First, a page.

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    The Fight For Women's Rights On The Other 365 Days Of The Year

    The Global community has just celebrated International Women's Day for the 105th time! So what happen's on every other day of the year?

    1. International Conferences take place

    Conferences like the Commission on the Status of Women. This is the key principal global policy-making body dedicated exclusively to gender equality and the advancement of women and girls. Every year, in March, representatives of UN Member States gather in New York to evaluate progress on gender equality, identify challenges, set global standards, and formulate concrete policies to promote gender equality and the advancement of women and girls worldwide.

    2. Speeches are given...

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    The actress and UN Goodwill ambassador launched the #HeForShe campaign with a speech that sent shockwaves around the world in September 2014. She was able to eloquently express some of the felt consequences of gender inequality we all experience.

    3. The Global Gender Gap Report is launched

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    This report, published in October each year, tries to understand the differences between men and women over time, focusing on health, education, economic participation and political empowerment. It highlights the Nordic countries as the most gender equal countries in the world. You can read the 2015 report here.

    4. Laws change

    Progressio

    On the 20th January 2016 a landmark ruling was made in Zimbabwe, banning child marriage and raising the minimum age at which both men and women can marry to 18. These changes in law are complemented National Action Plans on Women, Peace and Security.

    5. Campaigns fight for gender justice

    To mark the International Day for the Elimination of Violence against Women, Progressio, an international development charity, took a campaign to London’s streets. By photographing an outline of a woman’s body in front of 16 landmarks, they aimed to bring an issue that often goes unnoticed, undocumented and remains hidden, into the city’s political and cultural centre.

    Part of the campaign involved asking the public to write to their MPs to ask them to take a stand against gender-based violence, so taking photographs near the Houses of Parliament had particular pertinence.

    6. Feminists publish literature to capture the public imaginiation

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    Feminist writer and comedian Caitlin Moran, Lena Dunham and Laura Bates are among some of the feminist authors who've written personal and hilarious texts to share their experiences of being young women in the 21st century.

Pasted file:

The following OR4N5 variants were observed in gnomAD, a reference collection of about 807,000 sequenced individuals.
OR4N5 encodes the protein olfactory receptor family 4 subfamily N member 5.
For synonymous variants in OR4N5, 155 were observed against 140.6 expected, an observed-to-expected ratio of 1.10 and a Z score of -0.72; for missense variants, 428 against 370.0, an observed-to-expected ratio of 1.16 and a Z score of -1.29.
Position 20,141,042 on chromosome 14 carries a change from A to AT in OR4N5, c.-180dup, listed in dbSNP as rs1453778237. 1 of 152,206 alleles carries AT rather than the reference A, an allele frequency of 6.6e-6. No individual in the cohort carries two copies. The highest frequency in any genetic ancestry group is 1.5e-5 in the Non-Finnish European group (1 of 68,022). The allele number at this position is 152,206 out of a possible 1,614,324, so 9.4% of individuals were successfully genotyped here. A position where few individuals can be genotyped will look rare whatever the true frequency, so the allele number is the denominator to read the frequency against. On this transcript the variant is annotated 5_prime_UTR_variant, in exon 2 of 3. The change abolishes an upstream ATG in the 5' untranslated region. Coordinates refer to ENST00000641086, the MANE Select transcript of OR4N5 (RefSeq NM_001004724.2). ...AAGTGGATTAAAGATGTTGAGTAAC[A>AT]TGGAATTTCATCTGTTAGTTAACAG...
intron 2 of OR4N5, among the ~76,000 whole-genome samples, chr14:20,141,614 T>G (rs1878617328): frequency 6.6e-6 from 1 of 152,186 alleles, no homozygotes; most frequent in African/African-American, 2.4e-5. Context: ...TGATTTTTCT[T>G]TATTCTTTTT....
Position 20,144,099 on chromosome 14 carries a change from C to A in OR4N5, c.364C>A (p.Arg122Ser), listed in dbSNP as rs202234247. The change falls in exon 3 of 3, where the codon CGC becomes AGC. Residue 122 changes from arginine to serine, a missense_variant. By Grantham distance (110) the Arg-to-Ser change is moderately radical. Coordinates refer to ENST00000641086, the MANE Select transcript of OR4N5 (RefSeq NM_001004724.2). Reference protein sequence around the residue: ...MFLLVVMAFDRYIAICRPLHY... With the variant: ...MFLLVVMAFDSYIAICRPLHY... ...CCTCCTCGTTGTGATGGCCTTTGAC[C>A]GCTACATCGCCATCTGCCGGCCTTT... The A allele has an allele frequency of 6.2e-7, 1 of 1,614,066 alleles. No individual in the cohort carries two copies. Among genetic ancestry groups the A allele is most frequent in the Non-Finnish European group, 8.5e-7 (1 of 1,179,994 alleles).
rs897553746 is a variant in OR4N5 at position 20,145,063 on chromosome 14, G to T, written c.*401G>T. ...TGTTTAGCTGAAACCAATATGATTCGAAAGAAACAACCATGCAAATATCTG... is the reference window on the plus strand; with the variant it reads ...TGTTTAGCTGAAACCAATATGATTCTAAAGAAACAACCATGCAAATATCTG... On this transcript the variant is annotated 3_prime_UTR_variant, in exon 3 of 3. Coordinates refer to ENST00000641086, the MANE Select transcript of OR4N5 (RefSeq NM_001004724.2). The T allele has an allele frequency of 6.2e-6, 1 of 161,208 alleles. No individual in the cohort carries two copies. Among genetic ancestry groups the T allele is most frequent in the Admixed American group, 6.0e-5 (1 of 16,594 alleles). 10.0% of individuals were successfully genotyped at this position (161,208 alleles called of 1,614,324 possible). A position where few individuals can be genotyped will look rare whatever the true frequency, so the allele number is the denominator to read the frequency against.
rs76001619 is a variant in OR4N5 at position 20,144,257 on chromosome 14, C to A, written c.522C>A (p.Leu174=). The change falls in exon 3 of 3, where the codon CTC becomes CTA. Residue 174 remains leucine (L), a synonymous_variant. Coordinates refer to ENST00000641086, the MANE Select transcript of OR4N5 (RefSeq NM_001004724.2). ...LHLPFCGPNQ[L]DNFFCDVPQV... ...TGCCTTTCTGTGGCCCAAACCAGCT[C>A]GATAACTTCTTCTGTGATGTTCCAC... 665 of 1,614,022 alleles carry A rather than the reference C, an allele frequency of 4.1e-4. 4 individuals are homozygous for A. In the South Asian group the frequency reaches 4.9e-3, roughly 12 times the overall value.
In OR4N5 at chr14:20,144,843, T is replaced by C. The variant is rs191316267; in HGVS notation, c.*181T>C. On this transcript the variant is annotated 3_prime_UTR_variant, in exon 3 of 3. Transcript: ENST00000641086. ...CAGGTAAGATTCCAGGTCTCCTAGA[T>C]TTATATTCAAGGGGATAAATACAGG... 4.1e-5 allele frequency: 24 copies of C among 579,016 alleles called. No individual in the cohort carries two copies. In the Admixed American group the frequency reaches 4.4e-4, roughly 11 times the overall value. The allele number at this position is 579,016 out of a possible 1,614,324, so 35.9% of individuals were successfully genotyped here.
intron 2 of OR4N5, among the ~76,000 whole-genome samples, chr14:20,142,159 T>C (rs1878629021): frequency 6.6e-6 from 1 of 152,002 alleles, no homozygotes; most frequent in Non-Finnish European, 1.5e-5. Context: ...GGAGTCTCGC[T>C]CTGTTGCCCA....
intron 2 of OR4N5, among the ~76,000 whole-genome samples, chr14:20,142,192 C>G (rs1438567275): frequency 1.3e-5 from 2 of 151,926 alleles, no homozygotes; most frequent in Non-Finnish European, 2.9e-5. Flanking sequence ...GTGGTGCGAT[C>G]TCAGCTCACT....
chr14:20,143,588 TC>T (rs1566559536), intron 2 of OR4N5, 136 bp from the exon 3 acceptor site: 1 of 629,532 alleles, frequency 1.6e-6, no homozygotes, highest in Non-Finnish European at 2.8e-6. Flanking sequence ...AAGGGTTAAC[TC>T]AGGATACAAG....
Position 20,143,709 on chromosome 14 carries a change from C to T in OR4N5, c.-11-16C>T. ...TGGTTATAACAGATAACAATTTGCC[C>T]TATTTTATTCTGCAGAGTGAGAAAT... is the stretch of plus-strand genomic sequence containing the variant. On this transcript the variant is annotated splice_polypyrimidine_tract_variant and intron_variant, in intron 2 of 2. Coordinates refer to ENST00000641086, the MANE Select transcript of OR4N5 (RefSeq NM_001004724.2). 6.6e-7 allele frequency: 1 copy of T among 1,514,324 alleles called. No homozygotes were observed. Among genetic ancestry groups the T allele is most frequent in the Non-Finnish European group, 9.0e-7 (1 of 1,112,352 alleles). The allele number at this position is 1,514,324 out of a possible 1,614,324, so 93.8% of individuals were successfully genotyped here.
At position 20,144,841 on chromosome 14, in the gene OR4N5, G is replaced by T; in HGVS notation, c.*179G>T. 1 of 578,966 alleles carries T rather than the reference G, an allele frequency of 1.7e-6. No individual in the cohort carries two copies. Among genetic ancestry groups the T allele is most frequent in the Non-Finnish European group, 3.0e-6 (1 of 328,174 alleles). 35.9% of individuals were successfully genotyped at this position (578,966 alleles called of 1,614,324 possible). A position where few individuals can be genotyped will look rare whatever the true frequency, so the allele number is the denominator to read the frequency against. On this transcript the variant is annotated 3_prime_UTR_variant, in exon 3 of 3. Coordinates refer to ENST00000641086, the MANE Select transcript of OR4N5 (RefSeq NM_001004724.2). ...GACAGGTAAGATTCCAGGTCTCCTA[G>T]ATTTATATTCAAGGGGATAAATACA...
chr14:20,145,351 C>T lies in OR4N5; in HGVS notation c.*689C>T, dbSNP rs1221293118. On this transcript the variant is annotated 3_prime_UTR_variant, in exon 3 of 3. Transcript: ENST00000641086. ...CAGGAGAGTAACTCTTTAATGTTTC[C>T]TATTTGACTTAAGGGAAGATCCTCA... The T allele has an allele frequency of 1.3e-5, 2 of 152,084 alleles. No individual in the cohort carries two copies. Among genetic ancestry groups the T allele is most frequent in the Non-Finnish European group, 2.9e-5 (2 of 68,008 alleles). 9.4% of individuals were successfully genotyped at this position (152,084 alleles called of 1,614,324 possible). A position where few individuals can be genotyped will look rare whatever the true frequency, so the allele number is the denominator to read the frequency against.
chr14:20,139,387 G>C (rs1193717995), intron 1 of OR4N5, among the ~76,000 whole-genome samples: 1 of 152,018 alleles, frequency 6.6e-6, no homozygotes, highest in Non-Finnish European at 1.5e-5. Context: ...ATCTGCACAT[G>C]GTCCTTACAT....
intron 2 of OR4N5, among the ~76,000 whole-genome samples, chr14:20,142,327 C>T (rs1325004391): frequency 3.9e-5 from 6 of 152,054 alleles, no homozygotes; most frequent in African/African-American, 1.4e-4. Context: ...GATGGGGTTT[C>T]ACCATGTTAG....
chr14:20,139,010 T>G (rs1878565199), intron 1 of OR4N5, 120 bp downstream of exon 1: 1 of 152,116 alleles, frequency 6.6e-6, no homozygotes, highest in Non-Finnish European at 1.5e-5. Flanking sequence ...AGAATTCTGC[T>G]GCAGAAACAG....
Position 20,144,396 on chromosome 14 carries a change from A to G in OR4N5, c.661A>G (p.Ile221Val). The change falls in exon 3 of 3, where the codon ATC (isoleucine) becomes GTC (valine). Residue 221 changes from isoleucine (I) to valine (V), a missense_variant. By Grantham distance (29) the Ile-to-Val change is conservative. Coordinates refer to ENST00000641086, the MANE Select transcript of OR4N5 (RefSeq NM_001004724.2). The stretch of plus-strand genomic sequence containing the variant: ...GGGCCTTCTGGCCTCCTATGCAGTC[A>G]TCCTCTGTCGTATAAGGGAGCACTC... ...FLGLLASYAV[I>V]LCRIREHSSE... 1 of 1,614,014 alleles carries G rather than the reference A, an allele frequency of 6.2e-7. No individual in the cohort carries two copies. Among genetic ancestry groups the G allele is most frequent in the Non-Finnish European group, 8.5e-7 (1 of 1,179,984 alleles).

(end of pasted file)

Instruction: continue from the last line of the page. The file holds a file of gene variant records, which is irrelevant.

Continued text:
7. Women stand up

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    In March 2015 the Women's Equality Party was launched. The Party's mission statement opens with: "Equality for women isn't a women's issue. When women fulfill their potential, everyone benefits. Equality means better politics, a more vibrant economy, a workforce that draws on the talents of the whole population and a society at ease with itself"

    8. Global institutions make the links between development and gender

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    The 2012 World Development Report recognized that by expanding women's agency - their ability to make decisions and take advantage of opportunities is key to improving their lives as well as the world. This report represents a major advance in global knowledge on this critical front.

    9. Young women rise

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    Over half the world is under 30. Young women everywhere are taking on the daily struggle of patriarchy and fighting for greater equality as they start to shape the future of their world. Malala is an example of one of the women who put their life on the line. Thousands of girls like her are also fighting, right now, in their own ways.

    10. Men and boys join the fight

    Mac Bain McKandawire is the Executive Director of Youth Net and Counselling (YONECO). YONECO was established in September 1997 to respond to the needs and challenges affecting youth and children in Malawi. YONECO registered with the National Youth Council of Malawi (1996) Act in 1998, Trustees Incorporation (1962) Act in 1999 and NGO Board (2000) Act in 2003. In October 2000, YONECO started to work on issues of women as a demand driven activity, following the need to respond to the child rehabilitation. YONECO has since grown to be one of the very strong local NGOs that respond to matters of youth, women and children.